Suicide prevention matters in humanitarian contexts too

The theme of this year’s World Mental Health Day (#WMHD2019), mental health promotion and suicide prevention, has allowed global advocates to create a unique momentum on suicide prevention campaigning. Promotional efforts have included sharing actionable knowledge, materials and lessons among inspiring initiatives and projects between World Suicide Prevention day, on the 10th of September, and World Mental Health Day (10th Oct).

The MHPSS Collaborative could only take this great opportunity to highlight the major impact that suicide has had on children and youth in humanitarian settings.

“Before IS, I had hopes and dreams, but now; nothing,” she said. “I never think about the future. We just live in the present and try to get through the days.”

  - Shaima Ali, 22, an assistant midwife in Sinouni, Iraq1

Our campaign, #5weeks5messages, was committed to present the most relevant information regarding suicide prevention and how it is impacting the younger populations within humanitarian settings. Each week, the information would focus on 5 different set of contents to aid the global community with the knowledge required for informed priority-setting, decision-making and action.


During the first week, we shared relevant information and figures (below) to introduce the audience to the bigger picture of how suicide is a major crisis globally, including the alarming evidence found that every 40 seconds someone dies due to suicide.

The evidence also highlights the how suicide is specifically affecting children and youth dramatically, a harsh reality that needs to be brought to the attention of all communities.

For the second week of the campaign, we attempted to bridge the need to bring the reality of suicide in humanitarian settings to the attention of global audiences. Difficult to identify due to several beliefs and to tackle due to lack of preparedness and planned procedures, this is a reality that the humanitarian sector must harness its collective power and cooperate on to address effectively.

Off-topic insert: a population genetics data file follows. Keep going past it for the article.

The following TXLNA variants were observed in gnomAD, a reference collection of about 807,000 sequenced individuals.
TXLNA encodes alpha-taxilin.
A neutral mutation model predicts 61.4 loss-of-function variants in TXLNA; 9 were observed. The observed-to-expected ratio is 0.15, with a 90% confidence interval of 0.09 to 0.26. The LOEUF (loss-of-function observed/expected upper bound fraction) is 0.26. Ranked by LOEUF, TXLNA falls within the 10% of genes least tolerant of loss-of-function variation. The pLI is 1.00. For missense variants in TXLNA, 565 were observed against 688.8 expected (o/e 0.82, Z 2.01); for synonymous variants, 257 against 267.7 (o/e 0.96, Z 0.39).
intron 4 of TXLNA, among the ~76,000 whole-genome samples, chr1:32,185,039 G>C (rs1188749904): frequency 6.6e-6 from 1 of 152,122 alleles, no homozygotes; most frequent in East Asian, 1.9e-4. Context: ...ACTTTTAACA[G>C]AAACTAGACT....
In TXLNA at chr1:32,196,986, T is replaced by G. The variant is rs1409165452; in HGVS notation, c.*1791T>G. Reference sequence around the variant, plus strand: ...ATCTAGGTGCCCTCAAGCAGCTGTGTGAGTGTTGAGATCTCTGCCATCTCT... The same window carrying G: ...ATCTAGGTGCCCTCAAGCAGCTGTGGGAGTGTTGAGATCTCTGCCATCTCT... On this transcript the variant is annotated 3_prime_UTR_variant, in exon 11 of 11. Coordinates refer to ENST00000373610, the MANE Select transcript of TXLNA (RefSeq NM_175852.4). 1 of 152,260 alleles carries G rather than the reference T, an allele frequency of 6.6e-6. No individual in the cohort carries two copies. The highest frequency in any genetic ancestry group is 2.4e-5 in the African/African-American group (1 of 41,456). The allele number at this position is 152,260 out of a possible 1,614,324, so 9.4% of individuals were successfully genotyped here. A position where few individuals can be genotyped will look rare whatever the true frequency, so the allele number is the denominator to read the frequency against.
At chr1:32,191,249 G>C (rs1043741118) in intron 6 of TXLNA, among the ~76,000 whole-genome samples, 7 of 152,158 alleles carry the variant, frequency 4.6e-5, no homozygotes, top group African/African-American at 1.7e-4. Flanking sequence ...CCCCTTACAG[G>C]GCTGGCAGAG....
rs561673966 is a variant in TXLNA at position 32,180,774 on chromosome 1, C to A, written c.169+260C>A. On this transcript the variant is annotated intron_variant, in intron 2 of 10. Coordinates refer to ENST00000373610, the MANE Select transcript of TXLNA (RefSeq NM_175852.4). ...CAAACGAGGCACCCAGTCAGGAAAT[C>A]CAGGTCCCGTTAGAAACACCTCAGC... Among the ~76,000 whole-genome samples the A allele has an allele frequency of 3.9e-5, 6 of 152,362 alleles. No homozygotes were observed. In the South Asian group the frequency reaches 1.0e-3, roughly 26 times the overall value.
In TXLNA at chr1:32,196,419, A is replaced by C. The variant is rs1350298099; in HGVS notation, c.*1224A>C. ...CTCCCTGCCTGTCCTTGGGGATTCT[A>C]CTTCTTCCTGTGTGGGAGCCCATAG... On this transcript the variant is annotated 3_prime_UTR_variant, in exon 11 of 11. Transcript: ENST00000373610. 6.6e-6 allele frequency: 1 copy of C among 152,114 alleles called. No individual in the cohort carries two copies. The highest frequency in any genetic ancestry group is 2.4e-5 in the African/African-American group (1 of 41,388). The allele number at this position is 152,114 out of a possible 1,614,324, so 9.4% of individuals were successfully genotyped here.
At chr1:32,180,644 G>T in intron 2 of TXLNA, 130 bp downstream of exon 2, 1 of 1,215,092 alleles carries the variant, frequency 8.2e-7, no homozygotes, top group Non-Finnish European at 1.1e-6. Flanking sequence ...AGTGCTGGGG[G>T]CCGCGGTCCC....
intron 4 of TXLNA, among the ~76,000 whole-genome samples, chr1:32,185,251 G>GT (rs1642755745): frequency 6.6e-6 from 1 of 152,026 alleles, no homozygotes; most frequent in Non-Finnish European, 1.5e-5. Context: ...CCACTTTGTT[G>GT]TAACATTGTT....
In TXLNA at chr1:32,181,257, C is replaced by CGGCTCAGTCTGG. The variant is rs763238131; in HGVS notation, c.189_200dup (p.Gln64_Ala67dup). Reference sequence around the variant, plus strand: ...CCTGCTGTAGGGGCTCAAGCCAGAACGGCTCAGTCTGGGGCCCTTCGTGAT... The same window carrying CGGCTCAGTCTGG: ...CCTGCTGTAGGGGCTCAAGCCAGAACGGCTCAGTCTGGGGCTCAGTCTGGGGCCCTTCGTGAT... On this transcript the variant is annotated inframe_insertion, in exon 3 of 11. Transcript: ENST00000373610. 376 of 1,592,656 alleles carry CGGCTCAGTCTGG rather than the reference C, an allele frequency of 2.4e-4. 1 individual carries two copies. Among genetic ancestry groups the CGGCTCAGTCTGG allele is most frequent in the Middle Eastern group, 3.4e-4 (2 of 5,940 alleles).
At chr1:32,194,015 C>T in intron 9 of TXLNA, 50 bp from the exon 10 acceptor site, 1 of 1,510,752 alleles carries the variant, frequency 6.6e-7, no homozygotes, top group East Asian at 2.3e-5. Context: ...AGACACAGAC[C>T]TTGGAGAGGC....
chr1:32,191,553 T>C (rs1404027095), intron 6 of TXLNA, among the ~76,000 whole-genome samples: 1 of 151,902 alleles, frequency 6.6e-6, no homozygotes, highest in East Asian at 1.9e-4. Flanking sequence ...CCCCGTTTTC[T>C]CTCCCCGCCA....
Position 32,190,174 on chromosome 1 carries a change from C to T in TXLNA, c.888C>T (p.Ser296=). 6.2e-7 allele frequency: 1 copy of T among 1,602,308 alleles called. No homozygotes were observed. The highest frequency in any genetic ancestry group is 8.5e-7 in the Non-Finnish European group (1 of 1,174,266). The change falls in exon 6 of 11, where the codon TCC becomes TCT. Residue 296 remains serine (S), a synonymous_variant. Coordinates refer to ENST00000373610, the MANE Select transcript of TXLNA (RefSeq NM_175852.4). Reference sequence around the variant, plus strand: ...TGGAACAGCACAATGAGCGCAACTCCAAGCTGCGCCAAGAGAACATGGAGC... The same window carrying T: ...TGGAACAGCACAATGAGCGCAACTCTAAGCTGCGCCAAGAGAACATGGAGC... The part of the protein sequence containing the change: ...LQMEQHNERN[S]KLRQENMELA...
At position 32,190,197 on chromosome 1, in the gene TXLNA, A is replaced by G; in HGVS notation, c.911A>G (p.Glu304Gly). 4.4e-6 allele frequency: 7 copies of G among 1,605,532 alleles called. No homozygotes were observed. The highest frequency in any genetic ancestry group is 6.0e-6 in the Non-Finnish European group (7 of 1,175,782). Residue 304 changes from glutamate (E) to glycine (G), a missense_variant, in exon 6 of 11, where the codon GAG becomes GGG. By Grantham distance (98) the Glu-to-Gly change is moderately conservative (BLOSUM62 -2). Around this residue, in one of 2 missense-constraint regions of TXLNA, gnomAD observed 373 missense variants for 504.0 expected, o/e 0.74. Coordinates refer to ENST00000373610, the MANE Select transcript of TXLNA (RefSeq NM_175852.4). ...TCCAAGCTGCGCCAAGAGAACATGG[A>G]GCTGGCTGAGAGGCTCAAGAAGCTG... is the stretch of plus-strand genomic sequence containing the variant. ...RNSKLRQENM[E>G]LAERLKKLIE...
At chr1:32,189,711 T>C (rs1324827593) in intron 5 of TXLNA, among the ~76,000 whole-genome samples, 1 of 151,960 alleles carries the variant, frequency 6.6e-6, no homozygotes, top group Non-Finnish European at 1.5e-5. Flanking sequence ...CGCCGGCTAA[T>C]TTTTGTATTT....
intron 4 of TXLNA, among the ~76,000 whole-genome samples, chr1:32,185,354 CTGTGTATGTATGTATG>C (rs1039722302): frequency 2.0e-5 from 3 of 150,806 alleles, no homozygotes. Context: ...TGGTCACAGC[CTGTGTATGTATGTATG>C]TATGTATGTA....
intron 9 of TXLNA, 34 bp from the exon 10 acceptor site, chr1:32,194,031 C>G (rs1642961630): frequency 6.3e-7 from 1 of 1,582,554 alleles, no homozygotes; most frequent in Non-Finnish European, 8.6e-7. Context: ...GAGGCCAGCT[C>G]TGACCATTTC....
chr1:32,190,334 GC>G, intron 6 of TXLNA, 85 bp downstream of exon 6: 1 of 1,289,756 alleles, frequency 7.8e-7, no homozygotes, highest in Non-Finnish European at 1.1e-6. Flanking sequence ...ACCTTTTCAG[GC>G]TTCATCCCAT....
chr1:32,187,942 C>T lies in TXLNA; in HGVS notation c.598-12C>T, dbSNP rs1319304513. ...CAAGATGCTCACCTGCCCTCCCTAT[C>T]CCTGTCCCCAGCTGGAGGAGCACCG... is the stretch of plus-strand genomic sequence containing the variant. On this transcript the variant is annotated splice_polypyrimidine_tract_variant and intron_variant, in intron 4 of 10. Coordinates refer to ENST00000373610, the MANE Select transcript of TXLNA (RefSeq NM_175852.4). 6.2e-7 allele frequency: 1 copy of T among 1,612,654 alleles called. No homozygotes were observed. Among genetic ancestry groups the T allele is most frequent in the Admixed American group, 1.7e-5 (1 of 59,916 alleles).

To reinforce this message, during week three we shared some voices and examples from communities affected from humanitarian crises (below).

The information shared to this point painted a realistic picture of the context and background of the issue. In week four, we wanted to highlight what organizations could do to prevent suicide, promote mental health and providing ideas around demystifying suicide.

Week five concludes the MHPSS Collaborative’s campaign to celebrate World Mental Health Day. This is also a time to honour our mandate of convening actors at all levels, by making this week’s message (below) about unity, cooperation, and amplifying the voices of many in support of suicide prevention.

We want to thank everybody for contributing and raising your voice.


  1. International Suicide Hotlines, IBPF [Here]
  2. Suicide Prevention Chat Online [Here]
  3. Suicide Stop, International Help Center [Here]
  4. Canada Suicide Prevention Service [Here]

1. The New Humanitarian, Uptick in suicides signals deepening mental health crisis for Iraq’s Yazidis (accessed 8th October 2019 [Link].

Middle East
Humanitarian and conflict health
Primary care
Prevention and promotion
Detection and diagnosis
Treatment, care and rehabilitation
Training, education and capacity building
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